Today is a guest post from a reader. This is someone who, despite issues around sex, made themselves a priority and kept searching for answers and found some solutions. I am so thankful they are willing to share their story. I hope your month has pushed you to make yourself a priority for YOU.
If sex is painful - there is very likely a physiological reason and there are things you can do to get better. For many many years, sex was painful for me but whenever I talked to my primary care physicians (incidentally and sadly, all of whom were women) I was told something along the lines of "sex is painful for a lot of women. Just keep doing it and it will get better." I tried that. And guess what - it didn't get better. In fact, I came to dread sex and wanted nothing at all to do with that part of my body, which was obviously a strain on my marriage.
Finally I raised the issue yet again with my doctor, who sent me in for various tests which found that I had endometriosis, which can cause pain. She put me on the generic version of Seasonique birth control, which controls my menstruation so I only get my period 4 times a year. That helped the endometriosis, but I still wanted nothing to do with sex. When I spoke to my doctor again, she gently suggested that at this point the problem was probably mental/emotional and I should see a sex therapist. My medical diagnosis was "dyspareunia (painful sexual intercourse)".
It took all my willpower and love for my husband to research sex therapists and make an appointment with one. I did NOT want to be there. The sex therapist was wonderful however! One of the first things she asked me was "have you seen a physical therapist?" I looked confused; she looked sad. She explained to me that you can get physical therapy for pelvic floor problems and she recommended an all-women practice for me to go to.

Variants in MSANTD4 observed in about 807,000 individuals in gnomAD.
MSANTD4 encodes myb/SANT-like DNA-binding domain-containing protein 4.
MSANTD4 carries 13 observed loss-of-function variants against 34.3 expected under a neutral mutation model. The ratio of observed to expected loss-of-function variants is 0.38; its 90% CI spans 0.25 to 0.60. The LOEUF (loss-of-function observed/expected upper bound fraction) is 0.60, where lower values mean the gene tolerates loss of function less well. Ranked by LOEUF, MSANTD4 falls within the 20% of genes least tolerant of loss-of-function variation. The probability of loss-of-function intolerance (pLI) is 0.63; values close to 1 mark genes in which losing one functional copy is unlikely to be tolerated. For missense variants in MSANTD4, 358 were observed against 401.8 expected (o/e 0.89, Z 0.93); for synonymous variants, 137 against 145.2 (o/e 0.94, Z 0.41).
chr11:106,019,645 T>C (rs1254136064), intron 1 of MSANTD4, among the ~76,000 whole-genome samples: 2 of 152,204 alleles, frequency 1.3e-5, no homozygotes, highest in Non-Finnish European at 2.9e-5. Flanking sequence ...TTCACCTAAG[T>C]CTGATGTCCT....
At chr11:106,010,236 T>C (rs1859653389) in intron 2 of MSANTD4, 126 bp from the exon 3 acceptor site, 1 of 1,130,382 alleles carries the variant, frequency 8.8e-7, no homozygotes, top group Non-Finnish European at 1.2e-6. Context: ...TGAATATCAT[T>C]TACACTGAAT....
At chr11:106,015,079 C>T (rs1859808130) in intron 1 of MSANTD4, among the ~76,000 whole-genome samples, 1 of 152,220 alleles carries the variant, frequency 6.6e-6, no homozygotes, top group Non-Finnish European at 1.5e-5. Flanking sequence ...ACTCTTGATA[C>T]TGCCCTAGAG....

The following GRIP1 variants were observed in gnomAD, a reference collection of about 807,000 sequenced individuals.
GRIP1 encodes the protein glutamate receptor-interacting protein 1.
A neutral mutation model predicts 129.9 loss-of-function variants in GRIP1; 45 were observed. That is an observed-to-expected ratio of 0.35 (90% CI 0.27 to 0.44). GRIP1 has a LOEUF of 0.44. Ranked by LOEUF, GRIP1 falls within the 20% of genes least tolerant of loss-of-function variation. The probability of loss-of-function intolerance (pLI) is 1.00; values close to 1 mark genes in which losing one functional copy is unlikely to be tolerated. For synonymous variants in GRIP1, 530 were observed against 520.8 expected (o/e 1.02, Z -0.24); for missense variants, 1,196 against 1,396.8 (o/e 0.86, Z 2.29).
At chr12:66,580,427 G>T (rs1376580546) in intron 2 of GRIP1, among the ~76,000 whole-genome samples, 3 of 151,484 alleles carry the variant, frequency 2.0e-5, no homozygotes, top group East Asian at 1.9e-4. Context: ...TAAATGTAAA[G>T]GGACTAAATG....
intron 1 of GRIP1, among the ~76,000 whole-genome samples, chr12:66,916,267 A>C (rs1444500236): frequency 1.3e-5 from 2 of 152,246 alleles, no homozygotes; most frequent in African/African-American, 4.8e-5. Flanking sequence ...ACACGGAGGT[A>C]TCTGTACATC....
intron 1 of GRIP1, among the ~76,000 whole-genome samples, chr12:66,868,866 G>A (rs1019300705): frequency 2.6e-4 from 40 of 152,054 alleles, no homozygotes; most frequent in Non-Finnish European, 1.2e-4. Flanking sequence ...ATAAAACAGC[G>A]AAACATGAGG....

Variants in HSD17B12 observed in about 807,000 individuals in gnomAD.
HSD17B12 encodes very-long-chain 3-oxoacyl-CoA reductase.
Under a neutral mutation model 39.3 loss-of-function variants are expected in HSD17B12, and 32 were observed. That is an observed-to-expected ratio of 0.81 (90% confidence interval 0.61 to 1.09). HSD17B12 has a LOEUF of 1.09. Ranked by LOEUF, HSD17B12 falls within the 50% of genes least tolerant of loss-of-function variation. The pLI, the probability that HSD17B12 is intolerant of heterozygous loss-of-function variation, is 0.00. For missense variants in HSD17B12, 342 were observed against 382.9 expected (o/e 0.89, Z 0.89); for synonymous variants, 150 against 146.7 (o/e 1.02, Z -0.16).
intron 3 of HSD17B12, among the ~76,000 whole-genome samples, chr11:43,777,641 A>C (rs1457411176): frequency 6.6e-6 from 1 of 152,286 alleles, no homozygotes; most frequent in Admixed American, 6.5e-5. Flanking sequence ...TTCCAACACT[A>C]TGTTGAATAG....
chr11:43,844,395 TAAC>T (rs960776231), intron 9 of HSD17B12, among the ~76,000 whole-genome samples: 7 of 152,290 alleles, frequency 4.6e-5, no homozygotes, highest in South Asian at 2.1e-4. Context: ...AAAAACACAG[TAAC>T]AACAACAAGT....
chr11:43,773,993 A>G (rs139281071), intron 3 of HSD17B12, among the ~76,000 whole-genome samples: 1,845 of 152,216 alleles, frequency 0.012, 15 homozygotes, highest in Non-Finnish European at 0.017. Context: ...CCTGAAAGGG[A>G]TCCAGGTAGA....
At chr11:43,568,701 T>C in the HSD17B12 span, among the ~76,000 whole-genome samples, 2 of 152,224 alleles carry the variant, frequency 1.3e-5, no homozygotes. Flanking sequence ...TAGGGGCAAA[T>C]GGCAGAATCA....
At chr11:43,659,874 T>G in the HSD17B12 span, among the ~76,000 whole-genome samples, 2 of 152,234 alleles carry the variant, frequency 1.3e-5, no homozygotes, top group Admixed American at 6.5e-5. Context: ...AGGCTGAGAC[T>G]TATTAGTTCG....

Another difficult appointment. I cried during the first visit with my so-nice physical therapist as I explained how I felt about "that region" of my body. She understood! She explained that this wasn't an uncommon thing. If a women experiences pain with sex at some point for various reasons (could be endometriosis, could be abuse, etc.), her body becomes defensive in order to protect itself. The pelvic muscles tighten, which leads to sex being even more painful. The cycle reinforces itself. Meanwhile, the brain, to protect itself, disassociates from the entire region, making it very difficult to relax "down there". And here's the thing - just having more sex doesn't make anything better. In fact, it just reinforces that cycle. But physical therapy can help. I've undergone manual therapy (used by the physical therapist to relax pelvic floor muscles both externally and internally), biofeedback to help me see and understand how to relax my pelvic floor muscles (which I was so initially disassociated with I couldn't feel them), and exercises to use at home to reinforce the physical therapy sessions. Down the road, I'll work up to dilation to be used for stretching and desensitization.
I'm no longer seeing the sex therapist but I'm seeing the physical therapist regularly. And I'm making great progress. That is wonderful but I'm really saddened that it took nearly two decades before a medical professional came up with a solution other than "just keeping having sex and it will work itself out". I was in pain because I had actual physical issues. And those issues can be addressed and resolved. I want to share this so that someone else might benefit and not spend twenty years feeling like all the problems are just in her head.